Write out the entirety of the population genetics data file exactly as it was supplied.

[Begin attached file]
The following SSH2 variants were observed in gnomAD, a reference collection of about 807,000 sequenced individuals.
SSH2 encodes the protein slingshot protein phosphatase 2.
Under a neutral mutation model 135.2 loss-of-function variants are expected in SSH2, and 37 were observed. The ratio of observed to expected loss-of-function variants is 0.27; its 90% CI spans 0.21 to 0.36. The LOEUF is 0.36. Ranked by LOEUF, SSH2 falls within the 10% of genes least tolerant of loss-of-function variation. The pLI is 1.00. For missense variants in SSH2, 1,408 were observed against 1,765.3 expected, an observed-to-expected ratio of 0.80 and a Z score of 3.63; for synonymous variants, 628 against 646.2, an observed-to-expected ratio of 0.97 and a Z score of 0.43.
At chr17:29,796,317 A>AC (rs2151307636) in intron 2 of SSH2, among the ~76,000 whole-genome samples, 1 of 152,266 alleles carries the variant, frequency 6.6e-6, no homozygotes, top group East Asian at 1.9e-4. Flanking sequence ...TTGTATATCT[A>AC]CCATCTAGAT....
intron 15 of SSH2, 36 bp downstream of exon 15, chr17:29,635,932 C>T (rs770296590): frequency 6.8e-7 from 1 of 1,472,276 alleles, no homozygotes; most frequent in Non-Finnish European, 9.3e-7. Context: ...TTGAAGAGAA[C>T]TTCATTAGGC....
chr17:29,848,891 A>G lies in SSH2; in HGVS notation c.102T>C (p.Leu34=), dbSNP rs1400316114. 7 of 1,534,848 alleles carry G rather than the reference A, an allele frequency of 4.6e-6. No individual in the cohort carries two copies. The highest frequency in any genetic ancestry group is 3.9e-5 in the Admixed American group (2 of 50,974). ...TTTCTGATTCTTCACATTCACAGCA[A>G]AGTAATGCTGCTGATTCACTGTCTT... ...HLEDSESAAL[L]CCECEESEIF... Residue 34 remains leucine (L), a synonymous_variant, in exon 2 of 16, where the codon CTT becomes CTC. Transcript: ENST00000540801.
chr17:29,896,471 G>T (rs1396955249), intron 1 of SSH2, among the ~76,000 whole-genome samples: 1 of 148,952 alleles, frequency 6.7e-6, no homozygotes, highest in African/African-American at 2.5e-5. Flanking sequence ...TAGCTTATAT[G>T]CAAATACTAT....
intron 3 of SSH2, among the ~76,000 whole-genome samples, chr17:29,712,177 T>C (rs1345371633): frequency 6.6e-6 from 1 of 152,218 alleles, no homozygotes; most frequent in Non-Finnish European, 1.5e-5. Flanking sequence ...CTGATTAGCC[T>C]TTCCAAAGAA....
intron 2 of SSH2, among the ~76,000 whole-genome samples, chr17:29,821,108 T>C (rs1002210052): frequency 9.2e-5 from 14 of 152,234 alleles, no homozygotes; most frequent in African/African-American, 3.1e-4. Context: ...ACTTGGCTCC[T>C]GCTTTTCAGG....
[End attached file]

The following SSH2 variants were observed in gnomAD, a reference collection of about 807,000 sequenced individuals.
SSH2 encodes the protein slingshot protein phosphatase 2.
Under a neutral mutation model 135.2 loss-of-function variants are expected in SSH2, and 37 were observed. The ratio of observed to expected loss-of-function variants is 0.27; its 90% CI spans 0.21 to 0.36. The LOEUF is 0.36. Ranked by LOEUF, SSH2 falls within the 10% of genes least tolerant of loss-of-function variation. The pLI is 1.00. For missense variants in SSH2, 1,408 were observed against 1,765.3 expected, an observed-to-expected ratio of 0.80 and a Z score of 3.63; for synonymous variants, 628 against 646.2, an observed-to-expected ratio of 0.97 and a Z score of 0.43.
At chr17:29,796,317 A>AC (rs2151307636) in intron 2 of SSH2, among the ~76,000 whole-genome samples, 1 of 152,266 alleles carries the variant, frequency 6.6e-6, no homozygotes, top group East Asian at 1.9e-4. Flanking sequence ...TTGTATATCT[A>AC]CCATCTAGAT....
intron 15 of SSH2, 36 bp downstream of exon 15, chr17:29,635,932 C>T (rs770296590): frequency 6.8e-7 from 1 of 1,472,276 alleles, no homozygotes; most frequent in Non-Finnish European, 9.3e-7. Context: ...TTGAAGAGAA[C>T]TTCATTAGGC....
chr17:29,848,891 A>G lies in SSH2; in HGVS notation c.102T>C (p.Leu34=), dbSNP rs1400316114. 7 of 1,534,848 alleles carry G rather than the reference A, an allele frequency of 4.6e-6. No individual in the cohort carries two copies. The highest frequency in any genetic ancestry group is 3.9e-5 in the Admixed American group (2 of 50,974). ...TTTCTGATTCTTCACATTCACAGCA[A>G]AGTAATGCTGCTGATTCACTGTCTT... ...HLEDSESAAL[L]CCECEESEIF... Residue 34 remains leucine (L), a synonymous_variant, in exon 2 of 16, where the codon CTT becomes CTC. Transcript: ENST00000540801.
chr17:29,896,471 G>T (rs1396955249), intron 1 of SSH2, among the ~76,000 whole-genome samples: 1 of 148,952 alleles, frequency 6.7e-6, no homozygotes, highest in African/African-American at 2.5e-5. Flanking sequence ...TAGCTTATAT[G>T]CAAATACTAT....
intron 3 of SSH2, among the ~76,000 whole-genome samples, chr17:29,712,177 T>C (rs1345371633): frequency 6.6e-6 from 1 of 152,218 alleles, no homozygotes; most frequent in Non-Finnish European, 1.5e-5. Flanking sequence ...CTGATTAGCC[T>C]TTCCAAAGAA....
intron 2 of SSH2, among the ~76,000 whole-genome samples, chr17:29,821,108 T>C (rs1002210052): frequency 9.2e-5 from 14 of 152,234 alleles, no homozygotes; most frequent in African/African-American, 3.1e-4. Context: ...ACTTGGCTCC[T>C]GCTTTTCAGG....